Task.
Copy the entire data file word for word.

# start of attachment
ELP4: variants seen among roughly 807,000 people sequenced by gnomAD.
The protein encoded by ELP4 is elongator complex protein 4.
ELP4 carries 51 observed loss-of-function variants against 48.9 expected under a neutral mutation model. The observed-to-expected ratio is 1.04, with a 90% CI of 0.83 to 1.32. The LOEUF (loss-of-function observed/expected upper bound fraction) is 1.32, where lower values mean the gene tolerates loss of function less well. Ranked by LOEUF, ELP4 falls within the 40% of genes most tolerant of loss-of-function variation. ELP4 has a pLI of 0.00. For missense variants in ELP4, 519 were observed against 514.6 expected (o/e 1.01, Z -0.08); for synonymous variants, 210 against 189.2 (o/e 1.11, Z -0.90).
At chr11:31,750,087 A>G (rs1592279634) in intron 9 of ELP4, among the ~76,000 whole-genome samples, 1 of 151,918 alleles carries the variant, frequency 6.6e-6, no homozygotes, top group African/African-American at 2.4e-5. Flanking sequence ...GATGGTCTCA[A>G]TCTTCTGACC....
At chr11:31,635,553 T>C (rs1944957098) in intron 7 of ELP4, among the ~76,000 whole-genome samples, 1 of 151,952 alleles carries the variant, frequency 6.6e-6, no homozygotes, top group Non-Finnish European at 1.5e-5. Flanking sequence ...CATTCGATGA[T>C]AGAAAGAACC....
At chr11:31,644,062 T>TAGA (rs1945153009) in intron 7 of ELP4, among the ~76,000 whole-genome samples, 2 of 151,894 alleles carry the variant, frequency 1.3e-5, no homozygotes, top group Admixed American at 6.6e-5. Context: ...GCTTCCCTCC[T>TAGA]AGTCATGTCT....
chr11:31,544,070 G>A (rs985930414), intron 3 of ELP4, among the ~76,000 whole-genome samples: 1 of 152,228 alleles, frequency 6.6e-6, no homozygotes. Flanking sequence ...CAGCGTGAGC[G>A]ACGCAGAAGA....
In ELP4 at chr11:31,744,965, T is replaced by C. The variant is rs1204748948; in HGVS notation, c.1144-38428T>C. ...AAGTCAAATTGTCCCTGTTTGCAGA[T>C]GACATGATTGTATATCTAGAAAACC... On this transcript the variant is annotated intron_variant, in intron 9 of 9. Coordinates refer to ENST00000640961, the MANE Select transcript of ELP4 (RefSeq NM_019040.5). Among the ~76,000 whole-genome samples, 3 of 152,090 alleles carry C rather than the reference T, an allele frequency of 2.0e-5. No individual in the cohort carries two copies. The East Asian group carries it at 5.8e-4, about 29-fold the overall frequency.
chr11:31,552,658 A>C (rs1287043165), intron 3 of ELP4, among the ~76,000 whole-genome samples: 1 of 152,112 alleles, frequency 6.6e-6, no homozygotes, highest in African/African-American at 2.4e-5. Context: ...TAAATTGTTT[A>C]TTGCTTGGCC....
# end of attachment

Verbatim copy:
ELP4: variants seen among roughly 807,000 people sequenced by gnomAD.
The protein encoded by ELP4 is elongator complex protein 4.
ELP4 carries 51 observed loss-of-function variants against 48.9 expected under a neutral mutation model. The observed-to-expected ratio is 1.04, with a 90% CI of 0.83 to 1.32. The LOEUF (loss-of-function observed/expected upper bound fraction) is 1.32, where lower values mean the gene tolerates loss of function less well. Ranked by LOEUF, ELP4 falls within the 40% of genes most tolerant of loss-of-function variation. ELP4 has a pLI of 0.00. For missense variants in ELP4, 519 were observed against 514.6 expected (o/e 1.01, Z -0.08); for synonymous variants, 210 against 189.2 (o/e 1.11, Z -0.90).
At chr11:31,750,087 A>G (rs1592279634) in intron 9 of ELP4, among the ~76,000 whole-genome samples, 1 of 151,918 alleles carries the variant, frequency 6.6e-6, no homozygotes, top group African/African-American at 2.4e-5. Flanking sequence ...GATGGTCTCA[A>G]TCTTCTGACC....
At chr11:31,635,553 T>C (rs1944957098) in intron 7 of ELP4, among the ~76,000 whole-genome samples, 1 of 151,952 alleles carries the variant, frequency 6.6e-6, no homozygotes, top group Non-Finnish European at 1.5e-5. Flanking sequence ...CATTCGATGA[T>C]AGAAAGAACC....
At chr11:31,644,062 T>TAGA (rs1945153009) in intron 7 of ELP4, among the ~76,000 whole-genome samples, 2 of 151,894 alleles carry the variant, frequency 1.3e-5, no homozygotes, top group Admixed American at 6.6e-5. Context: ...GCTTCCCTCC[T>TAGA]AGTCATGTCT....
chr11:31,544,070 G>A (rs985930414), intron 3 of ELP4, among the ~76,000 whole-genome samples: 1 of 152,228 alleles, frequency 6.6e-6, no homozygotes. Flanking sequence ...CAGCGTGAGC[G>A]ACGCAGAAGA....
In ELP4 at chr11:31,744,965, T is replaced by C. The variant is rs1204748948; in HGVS notation, c.1144-38428T>C. ...AAGTCAAATTGTCCCTGTTTGCAGA[T>C]GACATGATTGTATATCTAGAAAACC... On this transcript the variant is annotated intron_variant, in intron 9 of 9. Coordinates refer to ENST00000640961, the MANE Select transcript of ELP4 (RefSeq NM_019040.5). Among the ~76,000 whole-genome samples, 3 of 152,090 alleles carry C rather than the reference T, an allele frequency of 2.0e-5. No individual in the cohort carries two copies. The East Asian group carries it at 5.8e-4, about 29-fold the overall frequency.
chr11:31,552,658 A>C (rs1287043165), intron 3 of ELP4, among the ~76,000 whole-genome samples: 1 of 152,112 alleles, frequency 6.6e-6, no homozygotes, highest in African/African-American at 2.4e-5. Context: ...TAAATTGTTT[A>C]TTGCTTGGCC....